Bleach instead of H2o2

choempi

Well-Known Member
I know I have seen threads on using bleach instead of h2o2 in hydro, but can not find the per gallon recomended dose. Fatman?
 

Michael Phelps

Well-Known Member
Man i personally think your better off just getting some h202... Fatman is the only person ive ever heard talk about putting bleach in your reservoir and the thought honestly scares me..
 

choempi

Well-Known Member
Man i personally think your better off just getting some h202... Fatman is the only person ive ever heard talk about putting bleach in your reservoir and the thought honestly scares me..
I actually have run the last 2 days on a cap of bleach per gallon, but want confirmation
 

Dropastone

Well-Known Member
I haven't tried it yet but my buddy uses 8 drops per gallon and has had no ill effects and claims his roots are whiter than ever. He got the tip from a guy that works at a professional greenhouse. According to him that's what they use and they've been doing it for years to keep the roots clean and healthy.


Hope this helps you out.

Peace.
 

choempi

Well-Known Member
I haven't tried it yet but my buddy uses 8 drops per gallon and has had no ill effects and claims his roots are whiter than ever. He got the tip from a guy that works at a professional greenhouse. According to him that's what they use and they've been doing it for years to keep the roots clean and healthy.

Hope this helps you out.

Thanks, I think you are about right, I know it is used in commercial applications...

Peace.
 

fatman7574

New Member
someone correct me if im wrong, but umm, i believe it is none.....
Do you think the majority of commercial hydroponic green house growers are wrong. They use chlorine at 4 ppm or higher added into the pipesfeeding the irrigation spray heads so as to m not waster chlorine in the reservoirs through dissipation. I recommend 2.5 ppm as an initail treatment reduced to 0.5 ppm as a residual level of chlorine. Tap water is allowed to contain up to 4 ppm at customers faucets. Thousands of growers of mj use tap water without any removal of chlorine. 10's of thousands of people water their houseplants, flowers and lawns with water containiing up to 4 ppm of chlorine. Plants can tolerate extremely high anounts of chlorine. they ac not tolerate chloride. Fish can tolerate high levels of chloride but not chlorine. Salt is sodium chloride. Plants can not tolerate high levels of chloride Caphese.

Hydrogen peroxide is a much stronger oxidizer than chlorine. It is much easier to cause problems using hydrogen peroxide than to use chlorox bleach.

Too many myths in forums and on the web. Have you heard of Pythoff. It is sold in two versions. Professional/commercial made with chloroamine or hobby grade made with chlorine.

http://www.flairform.com/Products/pythoff.htm http://www.urbangardenershop.com.au/product/457/default.asp
the MSDS for hobby grade:
http://rds.yahoo.com/_ylt=A0oGklFzIeFLdm0AkIxXNyoA;_ylu=X3oDMTEybGVibTBpBHNlYwNzcgRwb3MDMQRjb2xvA3NrMQR2dGlkA0g0NjVfNzk-/SIG=12mrpieok/EXP=1273131763/**http%3a//www.flairform.com/downloads/msds_pythoff_hobby_strength.pdf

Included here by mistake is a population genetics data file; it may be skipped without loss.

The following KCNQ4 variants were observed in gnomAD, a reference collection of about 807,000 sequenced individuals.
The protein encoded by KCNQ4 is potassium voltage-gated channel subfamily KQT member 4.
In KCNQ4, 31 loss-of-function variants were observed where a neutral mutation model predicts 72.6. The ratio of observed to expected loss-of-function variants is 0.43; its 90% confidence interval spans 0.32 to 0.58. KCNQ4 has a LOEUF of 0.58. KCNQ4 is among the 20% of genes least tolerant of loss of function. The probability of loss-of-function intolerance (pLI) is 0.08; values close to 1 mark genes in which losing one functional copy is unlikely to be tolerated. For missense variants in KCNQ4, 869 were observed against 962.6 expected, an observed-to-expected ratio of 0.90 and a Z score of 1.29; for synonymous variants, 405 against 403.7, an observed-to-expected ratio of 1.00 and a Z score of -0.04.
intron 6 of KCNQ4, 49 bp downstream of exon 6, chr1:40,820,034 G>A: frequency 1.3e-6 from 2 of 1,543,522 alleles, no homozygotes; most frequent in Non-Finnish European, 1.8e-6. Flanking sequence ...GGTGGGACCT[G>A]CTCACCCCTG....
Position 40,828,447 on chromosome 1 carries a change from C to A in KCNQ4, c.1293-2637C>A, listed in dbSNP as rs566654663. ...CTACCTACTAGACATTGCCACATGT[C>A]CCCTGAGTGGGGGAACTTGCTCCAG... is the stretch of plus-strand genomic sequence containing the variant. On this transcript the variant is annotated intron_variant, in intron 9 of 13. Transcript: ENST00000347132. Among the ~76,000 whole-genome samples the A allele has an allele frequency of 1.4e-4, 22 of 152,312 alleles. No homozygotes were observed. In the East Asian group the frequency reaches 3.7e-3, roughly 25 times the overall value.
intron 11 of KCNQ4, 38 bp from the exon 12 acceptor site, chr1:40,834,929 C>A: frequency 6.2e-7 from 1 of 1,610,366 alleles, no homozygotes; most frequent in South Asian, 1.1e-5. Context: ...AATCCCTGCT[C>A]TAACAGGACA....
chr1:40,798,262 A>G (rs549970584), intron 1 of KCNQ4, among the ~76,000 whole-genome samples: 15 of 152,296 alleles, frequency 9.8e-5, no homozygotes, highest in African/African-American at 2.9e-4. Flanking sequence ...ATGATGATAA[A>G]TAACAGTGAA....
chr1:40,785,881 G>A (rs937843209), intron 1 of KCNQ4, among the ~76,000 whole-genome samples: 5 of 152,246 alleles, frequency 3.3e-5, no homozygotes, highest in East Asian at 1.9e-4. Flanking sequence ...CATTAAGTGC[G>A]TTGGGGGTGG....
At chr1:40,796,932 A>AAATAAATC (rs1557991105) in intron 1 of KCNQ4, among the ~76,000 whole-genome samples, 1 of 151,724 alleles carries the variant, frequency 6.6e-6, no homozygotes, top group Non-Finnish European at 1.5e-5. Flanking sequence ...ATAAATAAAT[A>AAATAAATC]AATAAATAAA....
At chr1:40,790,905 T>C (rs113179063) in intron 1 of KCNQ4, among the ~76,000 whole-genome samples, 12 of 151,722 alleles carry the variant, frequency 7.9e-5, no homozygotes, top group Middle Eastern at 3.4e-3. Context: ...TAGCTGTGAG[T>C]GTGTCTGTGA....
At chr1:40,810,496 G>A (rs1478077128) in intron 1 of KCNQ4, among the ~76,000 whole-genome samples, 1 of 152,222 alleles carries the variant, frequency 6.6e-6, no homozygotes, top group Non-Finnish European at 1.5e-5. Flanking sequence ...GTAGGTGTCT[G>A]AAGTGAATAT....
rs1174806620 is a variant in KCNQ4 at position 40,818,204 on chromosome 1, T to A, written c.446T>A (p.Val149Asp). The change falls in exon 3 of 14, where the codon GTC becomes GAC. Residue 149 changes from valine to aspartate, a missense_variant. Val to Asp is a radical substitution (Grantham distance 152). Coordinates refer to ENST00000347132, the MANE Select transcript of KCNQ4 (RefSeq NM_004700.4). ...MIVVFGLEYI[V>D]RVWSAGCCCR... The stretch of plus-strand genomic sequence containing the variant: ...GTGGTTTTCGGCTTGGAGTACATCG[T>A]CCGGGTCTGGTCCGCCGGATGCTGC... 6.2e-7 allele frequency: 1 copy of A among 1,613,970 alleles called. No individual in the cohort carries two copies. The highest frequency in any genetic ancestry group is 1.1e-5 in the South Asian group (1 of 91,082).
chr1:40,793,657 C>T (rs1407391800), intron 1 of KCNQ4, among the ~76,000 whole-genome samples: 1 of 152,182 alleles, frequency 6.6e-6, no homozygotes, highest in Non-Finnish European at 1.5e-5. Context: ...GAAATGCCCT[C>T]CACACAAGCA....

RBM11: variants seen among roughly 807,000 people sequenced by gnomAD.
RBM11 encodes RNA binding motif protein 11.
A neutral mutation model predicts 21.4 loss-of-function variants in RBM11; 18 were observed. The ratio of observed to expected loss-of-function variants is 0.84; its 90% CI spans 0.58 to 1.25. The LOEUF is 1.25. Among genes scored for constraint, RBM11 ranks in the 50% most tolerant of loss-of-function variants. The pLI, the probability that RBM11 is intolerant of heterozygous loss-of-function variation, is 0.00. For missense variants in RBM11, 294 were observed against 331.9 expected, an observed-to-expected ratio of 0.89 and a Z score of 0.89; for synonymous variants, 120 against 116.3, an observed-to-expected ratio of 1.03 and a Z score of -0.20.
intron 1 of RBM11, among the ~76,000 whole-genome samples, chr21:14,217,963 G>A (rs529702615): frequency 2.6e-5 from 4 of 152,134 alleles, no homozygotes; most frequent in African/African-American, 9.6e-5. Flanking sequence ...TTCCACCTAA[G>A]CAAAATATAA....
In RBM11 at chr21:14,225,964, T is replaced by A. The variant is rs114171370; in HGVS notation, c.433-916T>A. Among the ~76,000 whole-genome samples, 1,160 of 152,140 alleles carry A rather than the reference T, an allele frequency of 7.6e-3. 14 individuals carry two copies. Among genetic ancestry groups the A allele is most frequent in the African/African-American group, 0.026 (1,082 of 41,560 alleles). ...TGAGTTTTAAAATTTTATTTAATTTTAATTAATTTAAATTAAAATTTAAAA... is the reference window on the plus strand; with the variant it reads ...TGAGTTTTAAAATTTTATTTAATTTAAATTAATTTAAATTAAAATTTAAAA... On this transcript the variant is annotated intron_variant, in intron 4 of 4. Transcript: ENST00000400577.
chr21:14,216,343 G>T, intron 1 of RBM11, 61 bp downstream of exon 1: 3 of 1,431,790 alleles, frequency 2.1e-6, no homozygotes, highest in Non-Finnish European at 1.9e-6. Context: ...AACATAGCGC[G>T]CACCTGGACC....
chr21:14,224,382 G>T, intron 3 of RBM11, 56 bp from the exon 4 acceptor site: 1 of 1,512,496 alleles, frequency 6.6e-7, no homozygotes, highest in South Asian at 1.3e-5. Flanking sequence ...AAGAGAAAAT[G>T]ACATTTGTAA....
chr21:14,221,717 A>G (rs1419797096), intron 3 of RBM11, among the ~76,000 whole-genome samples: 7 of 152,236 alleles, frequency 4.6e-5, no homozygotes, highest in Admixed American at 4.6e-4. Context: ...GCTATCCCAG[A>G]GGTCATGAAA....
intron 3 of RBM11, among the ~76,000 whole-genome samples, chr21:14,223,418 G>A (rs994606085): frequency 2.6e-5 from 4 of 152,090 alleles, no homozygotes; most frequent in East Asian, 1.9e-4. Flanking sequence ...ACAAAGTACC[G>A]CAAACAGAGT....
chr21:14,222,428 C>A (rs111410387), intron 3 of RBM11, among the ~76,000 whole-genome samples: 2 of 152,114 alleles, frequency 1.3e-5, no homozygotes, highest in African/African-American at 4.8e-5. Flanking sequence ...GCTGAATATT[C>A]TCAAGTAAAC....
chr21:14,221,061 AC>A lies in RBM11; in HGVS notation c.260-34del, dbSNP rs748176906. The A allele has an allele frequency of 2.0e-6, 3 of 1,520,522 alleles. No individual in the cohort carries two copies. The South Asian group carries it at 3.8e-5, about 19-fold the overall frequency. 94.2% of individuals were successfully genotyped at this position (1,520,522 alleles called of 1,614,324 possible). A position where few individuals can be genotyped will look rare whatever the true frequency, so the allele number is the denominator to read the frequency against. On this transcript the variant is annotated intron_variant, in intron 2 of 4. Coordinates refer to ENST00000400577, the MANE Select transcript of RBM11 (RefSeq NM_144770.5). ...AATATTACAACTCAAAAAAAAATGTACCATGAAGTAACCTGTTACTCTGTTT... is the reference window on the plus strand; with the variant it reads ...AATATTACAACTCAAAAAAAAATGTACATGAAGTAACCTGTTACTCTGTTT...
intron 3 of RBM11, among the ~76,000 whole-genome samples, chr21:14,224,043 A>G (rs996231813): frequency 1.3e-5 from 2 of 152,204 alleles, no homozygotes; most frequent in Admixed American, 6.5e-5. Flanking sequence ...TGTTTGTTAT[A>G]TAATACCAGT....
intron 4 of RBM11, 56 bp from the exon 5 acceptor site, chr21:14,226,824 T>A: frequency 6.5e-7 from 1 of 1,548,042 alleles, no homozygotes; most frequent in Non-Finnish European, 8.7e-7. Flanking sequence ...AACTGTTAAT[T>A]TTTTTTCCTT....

When your wrong your wrong. This time your very wrong. Consider your self corrected.
 

Dropastone

Well-Known Member
Thanks fat man that was a very informative read. So Chlorine bleach would be the way to go because there are quite a few different kinds on the market?


Types of Bleach
There are several types of bleach. Chlorine bleach usually contains sodium hypochlorite. Oxygen bleach contains hydrogen peroxide or a peroxide-releasing compound such as sodium perborate or sodium percarbonate. Bleaching powder is calcium hypochlorite. Other bleaching agents include sodium persulfate, sodium perphosphate, sodium persilicate, their ammonium, potassium and lithium analogs, calcium peroxide, zinc peroxide, sodium peroxide, carbamide peroxide, chlorine dioxide, bromate, and organic peroxides (e.g., benzoyl peroxide).
While most bleaches are oxidizing agents, other processes can be used to remove color. For example, sodium dithionite is a powerful reducing agent that can be used as a bleach.
 

fatman7574

New Member
Thanks fat man that was a very informative read. So Chlorine bleach would be the way to go because there are quite a few different kinds on the market?


Types of Bleach
There are several types of bleach. Chlorine bleach usually contains sodium hypochlorite. Oxygen bleach contains hydrogen peroxide or a peroxide-releasing compound such as sodium perborate or sodium percarbonate. Bleaching powder is calcium hypochlorite. Other bleaching agents include sodium persulfate, sodium perphosphate, sodium persilicate, their ammonium, potassium and lithium analogs, calcium peroxide, zinc peroxide, sodium peroxide, carbamide peroxide, chlorine dioxide, bromate, and organic peroxides (e.g., benzoyl peroxide).
While most bleaches are oxidizing agents, other processes can be used to remove color. For example, sodium dithionite is a powerful reducing agent that can be used as a bleach.